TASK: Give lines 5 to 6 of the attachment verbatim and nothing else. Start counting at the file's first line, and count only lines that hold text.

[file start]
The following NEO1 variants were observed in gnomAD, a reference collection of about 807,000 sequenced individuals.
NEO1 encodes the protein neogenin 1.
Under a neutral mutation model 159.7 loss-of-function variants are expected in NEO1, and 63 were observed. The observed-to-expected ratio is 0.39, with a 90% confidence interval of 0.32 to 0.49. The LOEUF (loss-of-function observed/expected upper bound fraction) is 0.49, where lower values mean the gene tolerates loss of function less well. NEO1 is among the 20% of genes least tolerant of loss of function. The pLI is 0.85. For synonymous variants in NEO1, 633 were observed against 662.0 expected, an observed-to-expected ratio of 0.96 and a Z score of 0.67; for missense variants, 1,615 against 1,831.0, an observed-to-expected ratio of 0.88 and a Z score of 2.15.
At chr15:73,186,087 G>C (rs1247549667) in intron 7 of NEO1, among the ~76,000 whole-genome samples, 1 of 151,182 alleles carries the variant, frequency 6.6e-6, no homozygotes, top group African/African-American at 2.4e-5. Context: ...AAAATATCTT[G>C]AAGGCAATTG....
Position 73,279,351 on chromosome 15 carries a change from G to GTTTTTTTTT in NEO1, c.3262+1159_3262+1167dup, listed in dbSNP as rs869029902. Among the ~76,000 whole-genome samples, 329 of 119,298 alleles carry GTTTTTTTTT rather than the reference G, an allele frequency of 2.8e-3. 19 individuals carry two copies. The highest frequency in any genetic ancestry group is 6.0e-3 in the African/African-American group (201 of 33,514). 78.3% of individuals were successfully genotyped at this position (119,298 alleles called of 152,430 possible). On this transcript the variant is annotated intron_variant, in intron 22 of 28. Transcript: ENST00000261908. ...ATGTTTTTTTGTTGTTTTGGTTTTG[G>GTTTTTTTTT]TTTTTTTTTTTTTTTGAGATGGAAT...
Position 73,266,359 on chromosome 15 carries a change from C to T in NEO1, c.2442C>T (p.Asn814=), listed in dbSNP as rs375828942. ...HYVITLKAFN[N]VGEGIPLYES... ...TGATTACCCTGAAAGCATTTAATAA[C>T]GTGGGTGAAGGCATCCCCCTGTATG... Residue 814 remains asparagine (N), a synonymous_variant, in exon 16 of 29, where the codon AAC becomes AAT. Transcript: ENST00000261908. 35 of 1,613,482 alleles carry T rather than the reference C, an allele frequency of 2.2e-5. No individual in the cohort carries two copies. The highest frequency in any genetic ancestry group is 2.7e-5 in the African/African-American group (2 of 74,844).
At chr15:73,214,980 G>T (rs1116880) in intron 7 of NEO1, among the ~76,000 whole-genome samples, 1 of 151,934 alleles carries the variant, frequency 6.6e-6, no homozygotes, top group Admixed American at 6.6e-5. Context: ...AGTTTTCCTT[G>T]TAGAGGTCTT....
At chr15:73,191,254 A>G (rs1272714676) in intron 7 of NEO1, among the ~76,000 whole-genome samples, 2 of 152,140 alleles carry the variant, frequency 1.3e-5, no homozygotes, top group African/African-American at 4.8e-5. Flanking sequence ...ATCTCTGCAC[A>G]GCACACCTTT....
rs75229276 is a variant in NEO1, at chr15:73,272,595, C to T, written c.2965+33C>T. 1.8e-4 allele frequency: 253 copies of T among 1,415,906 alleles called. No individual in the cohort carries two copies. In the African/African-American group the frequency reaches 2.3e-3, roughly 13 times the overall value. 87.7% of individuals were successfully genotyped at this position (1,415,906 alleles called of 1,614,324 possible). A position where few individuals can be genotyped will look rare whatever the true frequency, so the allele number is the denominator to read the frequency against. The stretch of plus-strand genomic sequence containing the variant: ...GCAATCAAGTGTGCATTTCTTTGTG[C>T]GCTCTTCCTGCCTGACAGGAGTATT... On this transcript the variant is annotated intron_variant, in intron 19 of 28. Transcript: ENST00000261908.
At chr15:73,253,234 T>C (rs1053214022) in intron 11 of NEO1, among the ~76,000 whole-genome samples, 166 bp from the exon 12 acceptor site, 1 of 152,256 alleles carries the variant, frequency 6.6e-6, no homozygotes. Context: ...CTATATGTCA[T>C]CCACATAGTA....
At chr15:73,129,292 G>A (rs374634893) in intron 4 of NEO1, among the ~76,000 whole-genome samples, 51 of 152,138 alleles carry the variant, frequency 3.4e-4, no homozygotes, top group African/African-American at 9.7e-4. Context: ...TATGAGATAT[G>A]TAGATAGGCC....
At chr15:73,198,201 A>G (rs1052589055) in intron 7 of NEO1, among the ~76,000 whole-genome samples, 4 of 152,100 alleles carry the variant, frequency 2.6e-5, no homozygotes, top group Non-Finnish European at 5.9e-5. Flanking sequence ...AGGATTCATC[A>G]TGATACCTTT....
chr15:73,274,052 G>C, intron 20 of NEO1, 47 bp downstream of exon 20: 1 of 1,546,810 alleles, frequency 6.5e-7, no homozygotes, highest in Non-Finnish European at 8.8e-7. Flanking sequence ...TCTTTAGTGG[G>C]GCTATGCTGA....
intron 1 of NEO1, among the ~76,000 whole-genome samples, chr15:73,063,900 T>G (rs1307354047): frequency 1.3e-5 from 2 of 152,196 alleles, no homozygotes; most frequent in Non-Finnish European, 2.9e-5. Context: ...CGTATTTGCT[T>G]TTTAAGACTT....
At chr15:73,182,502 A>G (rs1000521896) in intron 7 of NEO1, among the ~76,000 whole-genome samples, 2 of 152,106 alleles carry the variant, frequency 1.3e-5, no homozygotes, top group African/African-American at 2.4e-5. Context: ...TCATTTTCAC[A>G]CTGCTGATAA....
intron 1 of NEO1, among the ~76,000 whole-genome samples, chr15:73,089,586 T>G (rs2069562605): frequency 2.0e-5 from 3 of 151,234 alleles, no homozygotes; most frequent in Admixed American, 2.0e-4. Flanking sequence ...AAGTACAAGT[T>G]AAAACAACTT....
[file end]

Position 73,279,351 on chromosome 15 carries a change from G to GTTTTTTTTT in NEO1, c.3262+1159_3262+1167dup, listed in dbSNP as rs869029902. Among the ~76,000 whole-genome samples, 329 of 119,298 alleles carry GTTTTTTTTT rather than the reference G, an allele frequency of 2.8e-3. 19 individuals carry two copies. The highest frequency in any genetic ancestry group is 6.0e-3 in the African/African-American group (201 of 33,514). 78.3% of individuals were successfully genotyped at this position (119,298 alleles called of 152,430 possible). On this transcript the variant is annotated intron_variant, in intron 22 of 28. Transcript: ENST00000261908. ...ATGTTTTTTTGTTGTTTTGGTTTTG[G>GTTTTTTTTT]TTTTTTTTTTTTTTTGAGATGGAAT...
Position 73,266,359 on chromosome 15 carries a change from C to T in NEO1, c.2442C>T (p.Asn814=), listed in dbSNP as rs375828942. ...HYVITLKAFN[N]VGEGIPLYES... ...TGATTACCCTGAAAGCATTTAATAA[C>T]GTGGGTGAAGGCATCCCCCTGTATG... Residue 814 remains asparagine (N), a synonymous_variant, in exon 16 of 29, where the codon AAC becomes AAT. Transcript: ENST00000261908. 35 of 1,613,482 alleles carry T rather than the reference C, an allele frequency of 2.2e-5. No individual in the cohort carries two copies. The highest frequency in any genetic ancestry group is 2.7e-5 in the African/African-American group (2 of 74,844).